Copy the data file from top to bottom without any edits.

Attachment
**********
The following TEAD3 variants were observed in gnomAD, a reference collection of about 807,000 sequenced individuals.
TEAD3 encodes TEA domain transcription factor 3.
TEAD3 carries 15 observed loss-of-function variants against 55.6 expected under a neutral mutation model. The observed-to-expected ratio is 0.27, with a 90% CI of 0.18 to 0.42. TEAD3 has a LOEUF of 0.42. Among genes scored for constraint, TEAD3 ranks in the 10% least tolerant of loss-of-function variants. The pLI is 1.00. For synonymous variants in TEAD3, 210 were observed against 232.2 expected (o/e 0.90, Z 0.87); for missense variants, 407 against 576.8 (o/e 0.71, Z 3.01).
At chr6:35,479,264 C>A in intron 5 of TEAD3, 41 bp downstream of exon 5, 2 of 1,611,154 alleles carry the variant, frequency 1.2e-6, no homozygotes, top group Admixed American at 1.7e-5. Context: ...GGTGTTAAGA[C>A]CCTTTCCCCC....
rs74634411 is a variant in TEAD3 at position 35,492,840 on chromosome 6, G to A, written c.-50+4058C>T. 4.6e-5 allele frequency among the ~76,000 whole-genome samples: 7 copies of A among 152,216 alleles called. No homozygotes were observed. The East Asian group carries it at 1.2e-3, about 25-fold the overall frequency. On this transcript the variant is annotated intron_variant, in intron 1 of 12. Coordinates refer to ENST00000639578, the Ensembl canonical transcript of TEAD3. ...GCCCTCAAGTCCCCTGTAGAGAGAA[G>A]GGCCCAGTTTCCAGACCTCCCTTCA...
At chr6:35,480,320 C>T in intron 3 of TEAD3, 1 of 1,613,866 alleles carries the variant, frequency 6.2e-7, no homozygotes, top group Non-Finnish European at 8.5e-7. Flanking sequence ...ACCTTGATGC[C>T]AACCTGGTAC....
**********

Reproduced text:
The following TEAD3 variants were observed in gnomAD, a reference collection of about 807,000 sequenced individuals.
TEAD3 encodes TEA domain transcription factor 3.
TEAD3 carries 15 observed loss-of-function variants against 55.6 expected under a neutral mutation model. The observed-to-expected ratio is 0.27, with a 90% CI of 0.18 to 0.42. TEAD3 has a LOEUF of 0.42. Among genes scored for constraint, TEAD3 ranks in the 10% least tolerant of loss-of-function variants. The pLI is 1.00. For synonymous variants in TEAD3, 210 were observed against 232.2 expected (o/e 0.90, Z 0.87); for missense variants, 407 against 576.8 (o/e 0.71, Z 3.01).
At chr6:35,479,264 C>A in intron 5 of TEAD3, 41 bp downstream of exon 5, 2 of 1,611,154 alleles carry the variant, frequency 1.2e-6, no homozygotes, top group Admixed American at 1.7e-5. Context: ...GGTGTTAAGA[C>A]CCTTTCCCCC....
rs74634411 is a variant in TEAD3 at position 35,492,840 on chromosome 6, G to A, written c.-50+4058C>T. 4.6e-5 allele frequency among the ~76,000 whole-genome samples: 7 copies of A among 152,216 alleles called. No homozygotes were observed. The East Asian group carries it at 1.2e-3, about 25-fold the overall frequency. On this transcript the variant is annotated intron_variant, in intron 1 of 12. Coordinates refer to ENST00000639578, the Ensembl canonical transcript of TEAD3. ...GCCCTCAAGTCCCCTGTAGAGAGAA[G>A]GGCCCAGTTTCCAGACCTCCCTTCA...
At chr6:35,480,320 C>T in intron 3 of TEAD3, 1 of 1,613,866 alleles carries the variant, frequency 6.2e-7, no homozygotes, top group Non-Finnish European at 8.5e-7. Flanking sequence ...ACCTTGATGC[C>T]AACCTGGTAC....